In response to Jonathan A. Hayes’ last two submissions to the Gazette-Times: They both hit me directly in the head! In criticizing one action of our past president, Hayes chose to summarize his character as exuding the faculties of a low-rent peasant. In criticizing Hayes' one action, recent letters from Rebecca Stillwell and Eric Forsman chose to summarize his character as exuding the faculties of a racist ... but, judiciously, not a low-rent racist!

Hayes flunked their logic. He excoriated the "knee-jerk reaction" of liberals while still experiencing knee spasms from similar conduct. He should not expect ne plus ultra in oppositional sophistication when practicing ne minus infra techniques! Excuse the mild sarcasm.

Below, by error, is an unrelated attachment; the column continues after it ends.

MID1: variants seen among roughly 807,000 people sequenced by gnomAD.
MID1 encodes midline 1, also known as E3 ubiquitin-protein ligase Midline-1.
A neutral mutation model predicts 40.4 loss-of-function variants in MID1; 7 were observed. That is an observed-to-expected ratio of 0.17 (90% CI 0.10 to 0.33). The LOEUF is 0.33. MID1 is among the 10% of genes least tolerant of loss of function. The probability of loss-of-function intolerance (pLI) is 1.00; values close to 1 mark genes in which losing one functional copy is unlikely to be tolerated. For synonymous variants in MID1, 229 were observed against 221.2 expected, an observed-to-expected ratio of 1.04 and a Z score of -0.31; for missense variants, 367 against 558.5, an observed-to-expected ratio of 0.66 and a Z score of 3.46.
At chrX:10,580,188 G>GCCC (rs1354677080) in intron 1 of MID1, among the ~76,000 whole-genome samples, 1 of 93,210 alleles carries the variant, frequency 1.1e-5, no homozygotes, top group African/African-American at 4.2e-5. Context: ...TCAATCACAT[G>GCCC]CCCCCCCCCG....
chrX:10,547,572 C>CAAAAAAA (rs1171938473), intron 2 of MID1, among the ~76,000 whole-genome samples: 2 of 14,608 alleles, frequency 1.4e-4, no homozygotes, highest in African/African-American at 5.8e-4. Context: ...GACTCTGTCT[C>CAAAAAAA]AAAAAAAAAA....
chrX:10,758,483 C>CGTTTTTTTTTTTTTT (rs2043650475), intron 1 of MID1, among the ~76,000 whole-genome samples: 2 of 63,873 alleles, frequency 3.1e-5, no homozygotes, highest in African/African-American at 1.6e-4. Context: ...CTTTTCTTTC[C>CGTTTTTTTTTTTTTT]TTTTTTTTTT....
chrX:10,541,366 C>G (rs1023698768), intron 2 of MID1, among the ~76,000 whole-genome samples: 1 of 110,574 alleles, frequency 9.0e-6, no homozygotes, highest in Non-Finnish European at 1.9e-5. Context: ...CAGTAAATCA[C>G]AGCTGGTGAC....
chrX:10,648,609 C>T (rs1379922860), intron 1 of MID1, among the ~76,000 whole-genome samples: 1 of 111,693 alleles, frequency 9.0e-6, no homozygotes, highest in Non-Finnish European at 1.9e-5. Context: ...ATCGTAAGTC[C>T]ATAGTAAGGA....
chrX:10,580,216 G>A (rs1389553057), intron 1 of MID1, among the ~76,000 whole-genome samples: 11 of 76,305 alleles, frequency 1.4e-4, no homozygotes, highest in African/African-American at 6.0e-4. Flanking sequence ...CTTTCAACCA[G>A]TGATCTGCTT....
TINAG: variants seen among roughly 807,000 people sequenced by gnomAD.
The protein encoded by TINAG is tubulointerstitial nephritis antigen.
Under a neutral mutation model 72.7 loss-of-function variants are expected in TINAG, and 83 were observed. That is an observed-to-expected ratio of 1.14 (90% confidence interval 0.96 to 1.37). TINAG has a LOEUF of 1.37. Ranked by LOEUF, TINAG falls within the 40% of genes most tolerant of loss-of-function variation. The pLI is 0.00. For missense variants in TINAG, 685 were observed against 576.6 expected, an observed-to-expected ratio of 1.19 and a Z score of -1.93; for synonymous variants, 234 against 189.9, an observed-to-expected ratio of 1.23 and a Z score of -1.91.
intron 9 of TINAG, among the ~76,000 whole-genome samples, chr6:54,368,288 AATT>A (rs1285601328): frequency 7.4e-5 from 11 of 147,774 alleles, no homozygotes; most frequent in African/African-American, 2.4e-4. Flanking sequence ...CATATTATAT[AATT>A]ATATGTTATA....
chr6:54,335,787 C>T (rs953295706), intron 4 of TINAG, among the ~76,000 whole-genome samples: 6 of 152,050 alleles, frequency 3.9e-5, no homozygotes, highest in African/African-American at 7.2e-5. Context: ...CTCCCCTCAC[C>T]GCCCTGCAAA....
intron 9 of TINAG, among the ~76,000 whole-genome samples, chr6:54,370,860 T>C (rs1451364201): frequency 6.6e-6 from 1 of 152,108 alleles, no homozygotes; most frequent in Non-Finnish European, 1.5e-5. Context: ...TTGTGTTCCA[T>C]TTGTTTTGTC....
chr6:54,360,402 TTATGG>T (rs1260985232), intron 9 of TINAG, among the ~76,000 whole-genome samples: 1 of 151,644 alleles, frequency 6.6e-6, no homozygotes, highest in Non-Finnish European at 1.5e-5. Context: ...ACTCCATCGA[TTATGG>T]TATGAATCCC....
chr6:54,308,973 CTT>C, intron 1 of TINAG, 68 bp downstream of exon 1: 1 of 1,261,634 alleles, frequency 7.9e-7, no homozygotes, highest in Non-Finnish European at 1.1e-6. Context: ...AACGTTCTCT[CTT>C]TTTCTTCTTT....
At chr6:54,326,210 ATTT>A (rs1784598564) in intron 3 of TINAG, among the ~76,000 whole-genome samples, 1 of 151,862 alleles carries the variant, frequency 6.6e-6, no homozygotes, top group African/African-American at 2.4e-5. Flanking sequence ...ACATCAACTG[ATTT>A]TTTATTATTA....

Now the results of some mild research on Wikipedia, Brittanica and Google:

• In the Middle Ages European feudalism divided rent-paying peasants into three classes … tenant, serf or slave.

• By the 16th century such feudalism evolved into a special type of sharecropping lease where free farmers (yeomanry) paid rent with half of the harvest from the investor’s land.

• By 1870 the system known as sharecropping was extant in the United States and had come to dominate agriculture across the cotton-planting South. Newly freed, mostly-poor black families rented small land plots to work, while a portion of their crop would be used as rent payment to the landowner.

Numerous past presidents have owned slaves or land or both. How many have been low-rent peasants?

Name them all, it's an elementary question.

“Our lives begin to end the day we become silent about things that matter” (MLK)

Wayne Spletstoser

Shedd (Feb. 8)

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